"Black Beauty, just about steals the show with her endless gadgets and impossible abilities"

By day, Britt Reid (Seth Rogen) is a millionaire publisher and popular media figure, but by night, Reid assumes the identity of fearless crime fighter The Green Hornet and Kato (played by Asian pop star-turned-actor/director Jay Chou), to keep the streets safe for citizens. Producer Neal H. Moritz spearheads this big-screen adaptation of the popular radio serial, comic book, film, and television series originated by Lone Ranger creators Fran Striker and George W. Trendle.

Screenwriters Rogen and Evan Goldberg proved with both Superbad and Pineapple Express that they've got a knack for writing funny, tender friendships between men, and they've done it again in all the scenes between Britt and Kato - the mechanics whiz and martial arts expert Britt adopts as a sidekick. Chou acquits himself remarkably well in his first English-language role, and Rogen's natural likability shines through with Britt, a character who never quits figure out how to stop being so selfish even when he's ostensibly out fighting crime.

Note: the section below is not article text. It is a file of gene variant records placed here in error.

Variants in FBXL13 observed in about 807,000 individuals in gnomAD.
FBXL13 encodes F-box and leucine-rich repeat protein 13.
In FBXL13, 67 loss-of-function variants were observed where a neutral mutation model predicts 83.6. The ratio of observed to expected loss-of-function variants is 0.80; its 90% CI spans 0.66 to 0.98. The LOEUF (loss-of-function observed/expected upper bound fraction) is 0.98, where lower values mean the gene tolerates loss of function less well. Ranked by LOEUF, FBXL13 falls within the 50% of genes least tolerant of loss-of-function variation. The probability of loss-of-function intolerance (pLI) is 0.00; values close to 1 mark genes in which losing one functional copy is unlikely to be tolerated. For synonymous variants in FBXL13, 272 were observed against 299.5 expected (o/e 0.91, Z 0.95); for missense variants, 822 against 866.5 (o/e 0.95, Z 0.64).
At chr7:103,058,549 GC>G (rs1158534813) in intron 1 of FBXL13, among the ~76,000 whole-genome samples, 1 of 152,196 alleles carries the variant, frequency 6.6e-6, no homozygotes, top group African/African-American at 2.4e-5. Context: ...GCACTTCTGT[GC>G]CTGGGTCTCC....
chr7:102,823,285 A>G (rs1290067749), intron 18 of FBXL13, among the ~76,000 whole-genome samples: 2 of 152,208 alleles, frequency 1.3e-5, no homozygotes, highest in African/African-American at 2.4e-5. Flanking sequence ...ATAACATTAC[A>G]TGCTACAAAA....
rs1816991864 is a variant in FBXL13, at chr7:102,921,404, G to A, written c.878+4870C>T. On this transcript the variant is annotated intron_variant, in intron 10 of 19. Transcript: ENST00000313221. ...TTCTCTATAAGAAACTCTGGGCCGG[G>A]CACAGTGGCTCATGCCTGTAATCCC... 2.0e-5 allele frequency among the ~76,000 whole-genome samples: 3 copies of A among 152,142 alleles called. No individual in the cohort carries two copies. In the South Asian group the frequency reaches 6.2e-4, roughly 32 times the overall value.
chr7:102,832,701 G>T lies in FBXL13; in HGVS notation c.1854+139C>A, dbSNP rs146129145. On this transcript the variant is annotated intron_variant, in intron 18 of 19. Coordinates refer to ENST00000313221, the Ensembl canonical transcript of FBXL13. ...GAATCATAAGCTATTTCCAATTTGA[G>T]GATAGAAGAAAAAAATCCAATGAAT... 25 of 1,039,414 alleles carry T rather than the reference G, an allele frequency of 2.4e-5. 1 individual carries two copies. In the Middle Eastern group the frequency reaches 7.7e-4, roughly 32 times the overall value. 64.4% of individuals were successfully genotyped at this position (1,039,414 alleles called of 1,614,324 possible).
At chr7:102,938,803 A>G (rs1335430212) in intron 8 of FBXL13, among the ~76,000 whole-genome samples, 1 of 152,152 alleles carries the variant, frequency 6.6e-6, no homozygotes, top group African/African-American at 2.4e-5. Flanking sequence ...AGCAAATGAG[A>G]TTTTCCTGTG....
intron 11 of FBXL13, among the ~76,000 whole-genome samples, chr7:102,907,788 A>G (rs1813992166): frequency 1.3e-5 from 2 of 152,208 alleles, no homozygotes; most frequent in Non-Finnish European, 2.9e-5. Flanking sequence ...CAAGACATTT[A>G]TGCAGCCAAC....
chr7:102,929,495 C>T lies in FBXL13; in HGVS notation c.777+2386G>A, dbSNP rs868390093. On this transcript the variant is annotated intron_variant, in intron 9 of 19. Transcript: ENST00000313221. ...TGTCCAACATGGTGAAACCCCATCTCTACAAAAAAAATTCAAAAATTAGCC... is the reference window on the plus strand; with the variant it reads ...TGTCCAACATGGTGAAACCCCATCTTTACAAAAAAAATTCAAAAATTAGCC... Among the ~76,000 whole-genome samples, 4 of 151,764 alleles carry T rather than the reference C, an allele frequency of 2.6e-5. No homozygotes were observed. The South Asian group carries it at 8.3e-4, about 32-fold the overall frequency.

The fight sequences really do benefit from the 3D experience - even if we are growing tired of it, there are moments where it does add to the experience. Breakout Inglourious Basterds star Christoph Waltz gives a brilliant performance as the villan, Chudnofsk. However, the car, Black Beauty, just about steals the show with her endless gadgets and impossible abilities.

I had low expectations going in, but I ended up pleasantly surprised with the clever dialog, great special effects, and decent story... my only complaint is that it's about 20 minutes too long.

Like any good Rogen and Goldberg film The Green Hornet is best viewed as a platonic buddy romance, and the scenes between Britt and Kato as they play with their high-tech toys or even deal with their own issues of jealousy are the best parts of the film by far.